DataSheet1_Simultaneous quantitative analysis and in vitro anti-arthritic effects of five polyphenols from Terminalia chebula.pdf
Background: The fruit of Terminalia chebula has been widely used for a thousand years for treating diarrhea, ulcers, and arthritic diseases in Asian countries. However, the active components of this Traditional Chinese medicine and their mechanisms remain unclear, necessitating further investigation.
Objectives: To perform simultaneous quantitative analysis of five polyphenols in T. chebula and evaluate their anti-arthritic effects including antioxidant and anti-inflammatory activity in vitro.
Materials and methods: Water, 50% water-ethanol, and pure ethanol were used as extract solvents. Quantitative analysis of gallic acid, corilagin, chebulanin, chebulagic acid, and ellagic acid in the three extracts was performed using high-performance liquid chromatography (HPLC). Antioxidant activity was assessed by the 2,2-diphenylpicrylhydrazyl (DPPH) radical-scavenging assay, and anti-inflammatory activity was evaluated by detecting interleukin (IL)-6 and IL-8 expression in IL-1β-stimulated MH7A cells.
Results: The 50% water-ethanol solvent was the optimal solvent yielding the highest total polyphenol content, and the concentrations of chebulanin and chebulagic acid were much higher than those of gallic acid, corilagin, and ellagic acid in the extracts. The DPPH radical-scavenging assay showed that gallic acid and ellagic acid were the strongest antioxidative components, while the other three components showed comparable antioxidative activity. As for the anti-inflammatory effect, chebulanin and chebulagic acid significantly inhibited IL-6 and IL-8 expression at all three concentrations; corilagin and ellagic acid significantly inhibited IL-6 and IL-8 expression at high concentration; and gallic acid could not inhibit IL-8 expression and showed weak inhibition of IL-6 expression in IL-1β-stimulated MH7A cells. Principal component analysis indicated that chebulanin and chebulagic acid were the main components responsible for the anti-arthritic effects of T. chebula.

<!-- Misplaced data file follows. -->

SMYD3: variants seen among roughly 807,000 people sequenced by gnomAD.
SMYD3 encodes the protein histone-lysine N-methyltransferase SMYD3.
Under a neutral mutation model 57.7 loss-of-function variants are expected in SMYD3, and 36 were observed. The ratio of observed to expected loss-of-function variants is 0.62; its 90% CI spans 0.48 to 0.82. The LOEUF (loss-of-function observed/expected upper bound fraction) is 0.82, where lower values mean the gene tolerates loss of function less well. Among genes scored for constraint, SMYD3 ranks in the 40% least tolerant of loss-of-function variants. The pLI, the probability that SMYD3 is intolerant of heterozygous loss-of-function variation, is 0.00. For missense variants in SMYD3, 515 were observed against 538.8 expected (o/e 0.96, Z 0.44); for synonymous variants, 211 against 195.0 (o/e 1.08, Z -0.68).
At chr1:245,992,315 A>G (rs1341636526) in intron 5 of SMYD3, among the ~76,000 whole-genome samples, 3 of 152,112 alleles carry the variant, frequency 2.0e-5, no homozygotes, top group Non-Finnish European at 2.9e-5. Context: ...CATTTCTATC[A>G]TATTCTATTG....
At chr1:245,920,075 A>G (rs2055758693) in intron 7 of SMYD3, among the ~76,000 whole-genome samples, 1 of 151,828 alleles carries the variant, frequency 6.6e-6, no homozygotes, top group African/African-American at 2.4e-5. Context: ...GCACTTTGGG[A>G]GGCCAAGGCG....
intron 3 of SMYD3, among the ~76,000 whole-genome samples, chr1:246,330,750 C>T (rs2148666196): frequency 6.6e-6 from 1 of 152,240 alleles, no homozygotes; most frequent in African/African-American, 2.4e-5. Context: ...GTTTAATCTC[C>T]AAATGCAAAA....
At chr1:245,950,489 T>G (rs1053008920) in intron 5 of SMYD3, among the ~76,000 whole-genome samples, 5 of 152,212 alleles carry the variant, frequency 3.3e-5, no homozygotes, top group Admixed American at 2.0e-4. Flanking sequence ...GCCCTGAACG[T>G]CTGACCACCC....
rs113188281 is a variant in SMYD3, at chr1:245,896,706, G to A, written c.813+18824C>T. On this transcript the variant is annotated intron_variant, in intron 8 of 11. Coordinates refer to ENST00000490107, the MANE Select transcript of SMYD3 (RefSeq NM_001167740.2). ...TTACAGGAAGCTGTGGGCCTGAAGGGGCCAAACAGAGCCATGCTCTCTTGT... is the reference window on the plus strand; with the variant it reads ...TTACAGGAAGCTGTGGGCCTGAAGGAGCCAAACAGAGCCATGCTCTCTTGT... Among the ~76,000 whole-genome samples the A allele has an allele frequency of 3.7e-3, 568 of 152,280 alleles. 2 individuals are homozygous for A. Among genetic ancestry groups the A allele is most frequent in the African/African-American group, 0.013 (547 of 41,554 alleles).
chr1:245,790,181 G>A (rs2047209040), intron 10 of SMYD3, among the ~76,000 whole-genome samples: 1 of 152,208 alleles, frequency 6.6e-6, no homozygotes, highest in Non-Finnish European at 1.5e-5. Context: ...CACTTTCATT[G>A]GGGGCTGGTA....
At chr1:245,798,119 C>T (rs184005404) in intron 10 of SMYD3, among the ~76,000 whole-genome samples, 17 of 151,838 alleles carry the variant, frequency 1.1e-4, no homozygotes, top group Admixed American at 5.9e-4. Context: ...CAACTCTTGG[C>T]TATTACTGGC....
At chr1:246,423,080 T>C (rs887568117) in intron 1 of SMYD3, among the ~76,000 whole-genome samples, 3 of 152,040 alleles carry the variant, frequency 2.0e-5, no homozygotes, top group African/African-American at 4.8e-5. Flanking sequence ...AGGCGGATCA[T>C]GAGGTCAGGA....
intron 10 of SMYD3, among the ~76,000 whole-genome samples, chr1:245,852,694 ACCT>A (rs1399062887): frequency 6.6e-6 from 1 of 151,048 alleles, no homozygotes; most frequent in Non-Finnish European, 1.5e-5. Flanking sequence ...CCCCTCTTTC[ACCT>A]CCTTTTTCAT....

Conclusion: Our findings highlight the potential anti-arthritic role of chebulanin and chebulagic acid from T. chebula.